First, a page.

BMJ Case Reports 2018; doi:10.1136/bcr-2017-222863
  • Unusual association of diseases/symptoms

Rhabdomyolysis in Stuve-Wiedemann syndrome

  1. Louise Hartley1
  1. 1Paediatric Department, University Hospital of Wales, Cardiff, UK
  2. 2Paediatrics Department, Cardiff and Vale University Health Board, Cardiff, UK
  3. 3Department of Child Health, Cardiff University, Cardiff, UK
  1. Correspondence to Dr Louise Hartley, lmhartley{at}
  • Accepted 19 January 2018
  • Published 8 February 2018


A 6-month-old male infant with Stuve-Wiedemann syndrome (SWS) presented with an acute respiratory arrest secondary to a rhinovirus respiratory infection from which he was rapidly resuscitated. He developed an acute kidney injury requiring supportive treatment and on day 3 of his illness was noted to have developed severe rhabdomyolysis (creatine kinase level 132 040 U/L (normal <320 U/L)). He was born from consanguineous parents with homozygous mutations in the leukaemia inhibitory factor receptor. He had skeletal dysplasia with metabolic bone disease and episodes of hyperthermia with lactic acidosis. He also had paroxysmal ventricular tachycardia treated with prophylactic propranolol. This is a case report of a child with SWS who had a febrile illness and epileptic seizures which led to severe rhabdomyolysis outside the context of anaesthesia, and we would like to draw the attention of clinicians to this potential complication.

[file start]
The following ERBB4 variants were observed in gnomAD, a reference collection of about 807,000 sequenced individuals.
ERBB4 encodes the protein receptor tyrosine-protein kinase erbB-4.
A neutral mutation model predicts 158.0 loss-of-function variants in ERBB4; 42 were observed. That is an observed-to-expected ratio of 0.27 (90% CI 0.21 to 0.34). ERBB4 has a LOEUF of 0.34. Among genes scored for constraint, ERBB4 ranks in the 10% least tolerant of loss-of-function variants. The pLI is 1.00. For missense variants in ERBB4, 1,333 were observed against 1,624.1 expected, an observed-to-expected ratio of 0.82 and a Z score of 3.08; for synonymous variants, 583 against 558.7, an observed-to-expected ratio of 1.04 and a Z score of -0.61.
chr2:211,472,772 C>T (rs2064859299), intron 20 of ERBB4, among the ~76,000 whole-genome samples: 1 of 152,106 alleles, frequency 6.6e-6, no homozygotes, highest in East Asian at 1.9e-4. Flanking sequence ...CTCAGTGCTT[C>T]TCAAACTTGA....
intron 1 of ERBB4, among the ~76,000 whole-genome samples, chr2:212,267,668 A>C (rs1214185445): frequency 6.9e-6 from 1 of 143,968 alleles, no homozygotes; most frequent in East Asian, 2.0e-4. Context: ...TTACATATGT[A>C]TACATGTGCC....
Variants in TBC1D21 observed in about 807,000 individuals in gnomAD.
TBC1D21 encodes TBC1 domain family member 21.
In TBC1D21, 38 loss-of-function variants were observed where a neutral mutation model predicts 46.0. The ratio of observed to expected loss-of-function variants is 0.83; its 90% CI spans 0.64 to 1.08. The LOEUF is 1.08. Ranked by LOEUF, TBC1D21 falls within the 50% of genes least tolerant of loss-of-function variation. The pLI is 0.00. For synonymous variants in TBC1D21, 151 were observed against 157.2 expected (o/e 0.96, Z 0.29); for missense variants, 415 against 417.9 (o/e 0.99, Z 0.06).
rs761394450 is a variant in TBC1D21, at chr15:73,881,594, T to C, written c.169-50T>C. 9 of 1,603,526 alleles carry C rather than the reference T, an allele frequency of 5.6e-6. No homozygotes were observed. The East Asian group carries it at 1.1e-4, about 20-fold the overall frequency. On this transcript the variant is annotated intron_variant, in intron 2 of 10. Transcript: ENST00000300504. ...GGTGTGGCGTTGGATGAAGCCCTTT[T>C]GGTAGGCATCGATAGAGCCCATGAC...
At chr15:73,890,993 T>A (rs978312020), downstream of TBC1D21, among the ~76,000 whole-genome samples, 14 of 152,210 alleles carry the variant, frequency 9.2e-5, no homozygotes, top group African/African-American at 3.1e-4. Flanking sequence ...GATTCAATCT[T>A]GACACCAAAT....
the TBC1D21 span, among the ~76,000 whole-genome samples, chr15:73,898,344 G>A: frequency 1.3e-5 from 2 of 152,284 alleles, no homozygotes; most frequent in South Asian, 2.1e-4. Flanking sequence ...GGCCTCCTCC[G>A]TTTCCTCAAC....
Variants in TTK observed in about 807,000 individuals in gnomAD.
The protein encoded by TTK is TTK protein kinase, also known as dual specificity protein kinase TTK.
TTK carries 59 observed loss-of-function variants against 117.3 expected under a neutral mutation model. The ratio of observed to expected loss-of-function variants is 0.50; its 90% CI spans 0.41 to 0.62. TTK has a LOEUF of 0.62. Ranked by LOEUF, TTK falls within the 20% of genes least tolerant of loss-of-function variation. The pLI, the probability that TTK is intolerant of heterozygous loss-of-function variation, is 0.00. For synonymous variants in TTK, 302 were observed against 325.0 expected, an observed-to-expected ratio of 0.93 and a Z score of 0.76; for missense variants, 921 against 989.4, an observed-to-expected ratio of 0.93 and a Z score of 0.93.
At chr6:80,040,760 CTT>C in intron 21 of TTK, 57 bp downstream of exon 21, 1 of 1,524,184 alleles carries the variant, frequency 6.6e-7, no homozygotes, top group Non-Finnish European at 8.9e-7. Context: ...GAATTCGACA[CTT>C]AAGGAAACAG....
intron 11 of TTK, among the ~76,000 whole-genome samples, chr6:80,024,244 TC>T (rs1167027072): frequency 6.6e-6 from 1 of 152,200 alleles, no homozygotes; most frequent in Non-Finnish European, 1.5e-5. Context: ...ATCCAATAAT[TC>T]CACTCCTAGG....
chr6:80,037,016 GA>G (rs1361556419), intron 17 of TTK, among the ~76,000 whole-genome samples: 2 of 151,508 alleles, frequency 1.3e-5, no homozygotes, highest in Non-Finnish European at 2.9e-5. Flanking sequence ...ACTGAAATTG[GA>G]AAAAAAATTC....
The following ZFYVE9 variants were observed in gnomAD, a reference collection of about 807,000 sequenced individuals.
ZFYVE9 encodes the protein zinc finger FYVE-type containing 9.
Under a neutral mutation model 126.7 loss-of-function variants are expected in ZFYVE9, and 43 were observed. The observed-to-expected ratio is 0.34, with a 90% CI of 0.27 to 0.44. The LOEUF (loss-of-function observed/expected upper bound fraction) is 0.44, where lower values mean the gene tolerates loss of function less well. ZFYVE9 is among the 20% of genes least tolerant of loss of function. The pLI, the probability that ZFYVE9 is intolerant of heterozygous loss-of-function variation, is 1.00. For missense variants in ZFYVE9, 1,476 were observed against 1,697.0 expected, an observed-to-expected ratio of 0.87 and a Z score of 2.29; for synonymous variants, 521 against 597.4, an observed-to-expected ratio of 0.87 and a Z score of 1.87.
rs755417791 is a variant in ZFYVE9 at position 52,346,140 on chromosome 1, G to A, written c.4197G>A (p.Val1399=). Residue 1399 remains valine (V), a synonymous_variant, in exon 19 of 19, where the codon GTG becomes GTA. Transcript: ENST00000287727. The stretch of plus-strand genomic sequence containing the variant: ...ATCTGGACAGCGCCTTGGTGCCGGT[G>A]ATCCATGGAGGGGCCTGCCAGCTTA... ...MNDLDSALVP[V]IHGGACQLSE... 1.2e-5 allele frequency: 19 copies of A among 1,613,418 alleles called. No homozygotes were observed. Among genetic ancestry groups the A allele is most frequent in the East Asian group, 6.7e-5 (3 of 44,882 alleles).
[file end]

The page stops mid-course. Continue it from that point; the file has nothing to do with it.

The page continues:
• Contributors Original concept was by LH and PSR. All four authors (PSR, MC, CP, LH) contributed to the writing of the manuscript, reviewing, editing and final approval of the manuscript.

  • Competing interests None declared.

  • Patient consent Guardian consent obtained.

  • Provenance and peer review Not commissioned; externally peer reviewed.

Register for free content

The full text of all Editor's Choice articles and summaries of every article are free without registration

The full text of Images in ... articles are free to registered users

Only fellows can access the full text of case reports (apart from Editor's Choice) - become a fellow today, or encourage your institution to, so that together we can grow and develop this resource

Don't forget to sign up for content alerts so you keep up to date with all the case reports as they are published, and let us know what you think by commenting on the Editor's blog

Navigate This Article